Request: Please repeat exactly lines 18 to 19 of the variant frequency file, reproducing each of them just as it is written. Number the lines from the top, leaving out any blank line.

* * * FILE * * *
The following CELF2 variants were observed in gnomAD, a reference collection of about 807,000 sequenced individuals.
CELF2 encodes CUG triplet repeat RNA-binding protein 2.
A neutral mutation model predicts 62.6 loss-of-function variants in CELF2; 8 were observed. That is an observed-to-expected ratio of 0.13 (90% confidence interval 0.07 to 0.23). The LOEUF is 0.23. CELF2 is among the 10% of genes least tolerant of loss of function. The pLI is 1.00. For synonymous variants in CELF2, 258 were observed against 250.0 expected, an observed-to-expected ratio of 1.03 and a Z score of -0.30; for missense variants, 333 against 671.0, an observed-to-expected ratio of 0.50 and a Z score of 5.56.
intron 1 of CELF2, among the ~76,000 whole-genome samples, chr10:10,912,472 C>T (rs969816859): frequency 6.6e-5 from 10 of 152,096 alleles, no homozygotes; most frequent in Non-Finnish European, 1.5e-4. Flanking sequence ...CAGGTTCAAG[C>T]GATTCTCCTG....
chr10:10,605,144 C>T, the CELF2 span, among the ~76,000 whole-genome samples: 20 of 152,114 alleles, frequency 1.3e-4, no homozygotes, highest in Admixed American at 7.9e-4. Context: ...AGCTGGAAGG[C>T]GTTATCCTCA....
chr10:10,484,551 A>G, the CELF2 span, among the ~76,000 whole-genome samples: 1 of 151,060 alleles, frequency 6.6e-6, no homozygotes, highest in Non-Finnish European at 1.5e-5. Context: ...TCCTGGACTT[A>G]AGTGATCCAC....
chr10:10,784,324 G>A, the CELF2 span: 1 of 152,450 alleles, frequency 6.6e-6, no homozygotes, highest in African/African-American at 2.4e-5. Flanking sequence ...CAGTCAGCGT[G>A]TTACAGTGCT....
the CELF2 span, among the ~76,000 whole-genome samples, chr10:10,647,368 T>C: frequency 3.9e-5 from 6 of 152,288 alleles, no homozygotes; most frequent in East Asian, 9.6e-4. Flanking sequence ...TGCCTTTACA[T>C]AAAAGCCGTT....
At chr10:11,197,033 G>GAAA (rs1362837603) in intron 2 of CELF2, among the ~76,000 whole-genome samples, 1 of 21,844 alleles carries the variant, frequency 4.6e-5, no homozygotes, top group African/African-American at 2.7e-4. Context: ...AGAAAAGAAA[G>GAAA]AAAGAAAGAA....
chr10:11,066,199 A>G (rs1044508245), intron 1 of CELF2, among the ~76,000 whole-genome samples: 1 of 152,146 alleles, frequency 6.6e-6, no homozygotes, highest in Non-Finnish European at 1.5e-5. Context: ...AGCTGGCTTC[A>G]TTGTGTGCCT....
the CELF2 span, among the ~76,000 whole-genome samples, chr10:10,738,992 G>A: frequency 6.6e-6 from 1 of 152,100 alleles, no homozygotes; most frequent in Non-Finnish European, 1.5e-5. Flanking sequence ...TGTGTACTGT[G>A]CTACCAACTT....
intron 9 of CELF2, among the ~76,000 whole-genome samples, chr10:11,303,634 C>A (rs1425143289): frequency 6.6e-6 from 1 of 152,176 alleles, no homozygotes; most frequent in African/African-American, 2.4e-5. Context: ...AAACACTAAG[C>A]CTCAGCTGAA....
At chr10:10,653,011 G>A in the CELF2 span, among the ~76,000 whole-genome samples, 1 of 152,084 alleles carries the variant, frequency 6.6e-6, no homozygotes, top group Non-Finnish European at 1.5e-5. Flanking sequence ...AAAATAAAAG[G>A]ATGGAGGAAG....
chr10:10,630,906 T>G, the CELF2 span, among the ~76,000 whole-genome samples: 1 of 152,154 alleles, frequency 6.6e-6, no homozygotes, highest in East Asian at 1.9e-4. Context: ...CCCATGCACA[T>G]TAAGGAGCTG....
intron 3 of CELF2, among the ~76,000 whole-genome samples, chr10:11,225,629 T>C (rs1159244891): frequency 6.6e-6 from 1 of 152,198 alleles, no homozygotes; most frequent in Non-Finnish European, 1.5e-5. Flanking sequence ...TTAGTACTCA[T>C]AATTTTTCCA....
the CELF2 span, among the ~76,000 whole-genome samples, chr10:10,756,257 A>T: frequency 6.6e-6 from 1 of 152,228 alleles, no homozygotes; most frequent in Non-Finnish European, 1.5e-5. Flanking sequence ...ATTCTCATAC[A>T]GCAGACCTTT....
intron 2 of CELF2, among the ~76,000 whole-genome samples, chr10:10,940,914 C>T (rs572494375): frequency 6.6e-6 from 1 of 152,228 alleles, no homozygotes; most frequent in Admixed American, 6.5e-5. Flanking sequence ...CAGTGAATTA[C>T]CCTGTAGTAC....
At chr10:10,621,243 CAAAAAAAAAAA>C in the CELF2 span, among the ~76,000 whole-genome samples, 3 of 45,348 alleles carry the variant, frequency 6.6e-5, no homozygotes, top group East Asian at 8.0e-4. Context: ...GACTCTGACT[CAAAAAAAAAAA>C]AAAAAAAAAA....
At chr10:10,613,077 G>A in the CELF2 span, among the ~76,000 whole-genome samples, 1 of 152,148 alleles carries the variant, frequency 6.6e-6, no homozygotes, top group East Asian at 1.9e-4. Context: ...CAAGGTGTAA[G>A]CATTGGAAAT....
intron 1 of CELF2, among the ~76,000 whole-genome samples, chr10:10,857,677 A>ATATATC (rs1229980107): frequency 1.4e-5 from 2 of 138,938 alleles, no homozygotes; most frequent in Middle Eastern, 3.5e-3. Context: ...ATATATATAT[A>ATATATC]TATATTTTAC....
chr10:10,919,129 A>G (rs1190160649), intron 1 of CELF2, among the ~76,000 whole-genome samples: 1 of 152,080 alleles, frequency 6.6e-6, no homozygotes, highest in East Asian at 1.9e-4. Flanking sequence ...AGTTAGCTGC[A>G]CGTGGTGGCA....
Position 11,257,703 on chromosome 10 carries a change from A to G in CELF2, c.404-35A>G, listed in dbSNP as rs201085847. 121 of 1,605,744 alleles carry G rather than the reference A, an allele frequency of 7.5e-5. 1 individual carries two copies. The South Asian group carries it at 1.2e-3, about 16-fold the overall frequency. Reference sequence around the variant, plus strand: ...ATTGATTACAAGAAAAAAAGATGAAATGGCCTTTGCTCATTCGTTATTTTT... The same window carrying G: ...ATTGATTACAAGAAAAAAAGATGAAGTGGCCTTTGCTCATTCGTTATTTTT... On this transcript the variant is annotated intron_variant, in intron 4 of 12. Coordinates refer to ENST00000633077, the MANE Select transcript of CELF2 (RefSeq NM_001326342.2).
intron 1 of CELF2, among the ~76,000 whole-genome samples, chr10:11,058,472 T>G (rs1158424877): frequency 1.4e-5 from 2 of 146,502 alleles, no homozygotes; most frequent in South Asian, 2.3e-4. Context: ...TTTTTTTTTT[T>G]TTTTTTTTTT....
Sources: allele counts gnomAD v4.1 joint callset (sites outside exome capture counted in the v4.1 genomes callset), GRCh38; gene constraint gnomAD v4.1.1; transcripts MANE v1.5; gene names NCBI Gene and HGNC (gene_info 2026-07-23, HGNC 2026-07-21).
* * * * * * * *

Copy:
At chr10:10,621,243 CAAAAAAAAAAA>C in the CELF2 span, among the ~76,000 whole-genome samples, 3 of 45,348 alleles carry the variant, frequency 6.6e-5, no homozygotes, top group East Asian at 8.0e-4. Context: ...GACTCTGACT[CAAAAAAAAAAA>C]AAAAAAAAAA....
At chr10:10,613,077 G>A in the CELF2 span, among the ~76,000 whole-genome samples, 1 of 152,148 alleles carries the variant, frequency 6.6e-6, no homozygotes, top group East Asian at 1.9e-4. Context: ...CAAGGTGTAA[G>A]CATTGGAAAT....